How many guys do you think won’t read this post, simply because I mentioned my period?
Today is International Women’s Day and this entire week I have been completely obsessed with justice for menstruation.
Let me tell you about when I first got my period. I was in grade 5 at the time (11 years old), I remember feeling super hot, and just different, and I could tell something was going on so I threw my hand up in the air and asked if I could go to the bathroom.
I remember the bathroom I was in and the exact stall when I looked down and thought “oh sh*t, this is really happening.” Naturally I had no pads or tampons with me, so I wadded up some toilet paper and went back to class.
I didn’t say a word to my teacher or anyone else.
Then the bell rang for recess. Rather than waiting back to talk to my teacher I very awkwardly and cautiously headed outside with the rest of my class. I remember walking straight ahead, sitting under a tree with my arms wrapped around my legs and just watched the other kids play.
After the bell rang signaling that recess was over and it was time to head back to class, I went back and counted down the minutes until I could go home.
When I got home I went to the bathroom – grabbed one of my moms pads, and hid in the basement watching tv until my mom got home. I remember the look on my my moms face when she got home and found out… she was beaming and ecstatic for me. I instantly started bawling my eyes out.
For many years following I can recall the intense anxiety I felt every time I had my period. Spending what felt like hours in the bathroom at home trying to unwrap pads with such delicacy so that my sisters wouldn’t hear the rip of the adhesive.
Leaning into my bag or purse while at school and stealthily sliding a tampon or pad up my sweater sleeve to sneak it out of the classroom and into the bathroom – and there was no way I was taking my bag or purse with me because then people would know.
Panicking in the bathroom at friends’ houses because they didn’t have a garbage in their washroom and I had no idea how I was going to sneak my garbage out without someone noticing.
Or realizing that I got my period while at a sleepover and lying awake all night staring up at the ceiling and praying that I wouldn’t leak.
Not to mention the constant anxiety over whether a pad was showing and asking friends constantly if I was still “okay”.
When I got a little older – the anxiety seeped into intimate relationships – how the hell am I supposed to say I can’t have sex because it’s “that time of the month”, without actually saying “it’s that time of the month”.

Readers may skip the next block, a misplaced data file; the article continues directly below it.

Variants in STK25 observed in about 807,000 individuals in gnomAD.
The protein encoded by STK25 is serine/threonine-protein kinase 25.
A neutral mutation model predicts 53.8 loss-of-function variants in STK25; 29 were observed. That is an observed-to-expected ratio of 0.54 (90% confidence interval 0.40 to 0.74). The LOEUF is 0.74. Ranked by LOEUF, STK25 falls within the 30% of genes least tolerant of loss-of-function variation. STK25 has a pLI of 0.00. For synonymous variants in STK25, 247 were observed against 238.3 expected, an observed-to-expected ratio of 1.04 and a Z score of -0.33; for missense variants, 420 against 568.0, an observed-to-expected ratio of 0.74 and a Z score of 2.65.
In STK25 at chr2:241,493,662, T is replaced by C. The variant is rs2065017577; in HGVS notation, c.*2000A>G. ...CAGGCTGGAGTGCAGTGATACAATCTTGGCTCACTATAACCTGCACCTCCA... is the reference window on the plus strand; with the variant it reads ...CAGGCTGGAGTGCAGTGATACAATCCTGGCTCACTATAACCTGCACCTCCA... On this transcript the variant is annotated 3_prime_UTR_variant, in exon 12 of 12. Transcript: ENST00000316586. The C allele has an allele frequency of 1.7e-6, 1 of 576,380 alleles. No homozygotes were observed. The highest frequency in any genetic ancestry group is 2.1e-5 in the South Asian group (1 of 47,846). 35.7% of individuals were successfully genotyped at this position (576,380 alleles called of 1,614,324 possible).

The anxiety came and went every single month. And for the majority of my life I never questioned where that anxiety came from, or even acknowledged the shame that was attached to my own menstruation.
What I know now is that I did not create that shame. And I know that my mom did not create that shame. In fact, I grew up in a home that has always been open (maybe sometimes too open ;)) about bodily functions.
This shame and anxiety came from the world around me.
This shame and anxiety around our periods and everything that goes with it was created, and continues to be perpetuated by a patriarchal society (don’t roll your eyes) that has decided that because the bodily functions of a woman makes BOYS and MEN uncomfortable that we need to make every effort possible to pretend that it’s not happening.
Don’t believe me? Hear me out for a second
Many of the injustices that women have experienced for generations has been based on the assumption that we are less than, simply because we are women. I recall previously reading a paper that talked about how inequality between the genders is deeply rooted in a history that suggests that because women have the ability to bear children and menstruate, they are more closely connected with nature, and men, a product of the higher, civil society are therefore more evolved and of greater superiority.
But, as always with women, there is a dichotomy that suggests that despite our “less evolved physical state” we must refrain, restrain, and act like “ladies”. What does this mean? Hiding everything that comes natural to us including being horny, shitting, burping, farting, and of course, bleeding. Excuse the crass language 😉